There was only one F: Columbia Bank. Their grade has improved to an A in my 2016 test.
Details of 2014 test
This time there were four F's:
Banks notified via Twitter on 4-13-16:
Middlesex https://www.middlesexbank.com/ Trustco Bank https://www.trustcobank.com/ HSA Bank https://secure.hsabank.com/ibanking3/login.aspx INTRUST Bank https://www.intrustbank.com/
On 5-18-16, they were all still graded at F.
Good idea! The results were very similar to banks:
Here are the five F's:
I notified them via Twitter on 4-16-16:
NCUA.gov https://www.ncua.gov/Pages/default.aspx OneCU https://www.onecu.org/ Guardians CU https://www.pbccuvirtual.org/ISuite5/Features/Auth/SelfEnrollment/SelfEnrollmentDisclosure.aspx Vibrant CU https://vibrantcreditunion.org/ Deere Employees CU https://content.dccu.com/
I tested them again on 4-18-16 and they were all still F's.
Also, Wright-Patt Credit Union is the only bank or credit union in the top 100 to still use mixed-mode authentication: an https login link on an insecure page. I haven't seen any bank use that unsafe method in years and I suspect it is a violation of banking regulations.
I Tweeted to WPCU and they answered, which is good. However, they don't seem to understand the importance of this issue. Switching the whole site to https is good, but moving the login page to htps is a critical security measure every other bank and credit union I tested has done. WPCU is far behind its competitors in this aspect of security.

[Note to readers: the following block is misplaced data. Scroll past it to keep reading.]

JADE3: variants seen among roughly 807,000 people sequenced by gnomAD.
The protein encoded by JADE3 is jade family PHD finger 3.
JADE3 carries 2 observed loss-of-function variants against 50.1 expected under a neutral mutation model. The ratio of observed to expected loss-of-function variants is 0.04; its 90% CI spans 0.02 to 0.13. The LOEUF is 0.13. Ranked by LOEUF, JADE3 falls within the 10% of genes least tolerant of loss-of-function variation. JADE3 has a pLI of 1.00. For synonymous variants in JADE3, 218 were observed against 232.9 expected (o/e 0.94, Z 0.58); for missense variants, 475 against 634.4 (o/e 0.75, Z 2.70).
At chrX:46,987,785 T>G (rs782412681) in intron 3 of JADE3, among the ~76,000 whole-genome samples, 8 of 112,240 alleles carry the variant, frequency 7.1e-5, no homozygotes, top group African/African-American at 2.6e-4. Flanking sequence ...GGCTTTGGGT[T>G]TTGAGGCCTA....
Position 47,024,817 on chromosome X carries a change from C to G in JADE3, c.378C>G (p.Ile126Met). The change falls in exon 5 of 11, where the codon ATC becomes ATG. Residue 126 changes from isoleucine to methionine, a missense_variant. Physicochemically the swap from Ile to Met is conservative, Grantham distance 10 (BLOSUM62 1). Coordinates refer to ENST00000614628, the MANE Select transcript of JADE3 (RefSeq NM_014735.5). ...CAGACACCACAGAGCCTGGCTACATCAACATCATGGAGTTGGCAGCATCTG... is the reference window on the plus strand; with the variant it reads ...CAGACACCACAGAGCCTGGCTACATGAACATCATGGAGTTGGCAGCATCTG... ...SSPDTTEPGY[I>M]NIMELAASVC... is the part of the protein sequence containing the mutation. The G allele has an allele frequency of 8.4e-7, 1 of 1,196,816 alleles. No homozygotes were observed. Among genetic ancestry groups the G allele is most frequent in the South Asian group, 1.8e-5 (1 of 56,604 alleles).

Here's the link to a Troy Hunt video that explains why putting an HTTPS login button on an HTTP page is like putting a padlock on your wallet and leaving it in the street:
Your login form posts to HTTPS, but you blew it when you loaded it over HTTP
On Feb. 9, 2017, I got this Tweet:
However, when I tested it, it's not much better. The login page is now HTTPS, but if you open a browser and type in wpcu.info you pass through two stages of insecure redirection before reaching the secure page:
This page is still susceptible to hijacking, but it can be fixed by adding an HSTS header, as explained in this Troy Hunt page from 2015.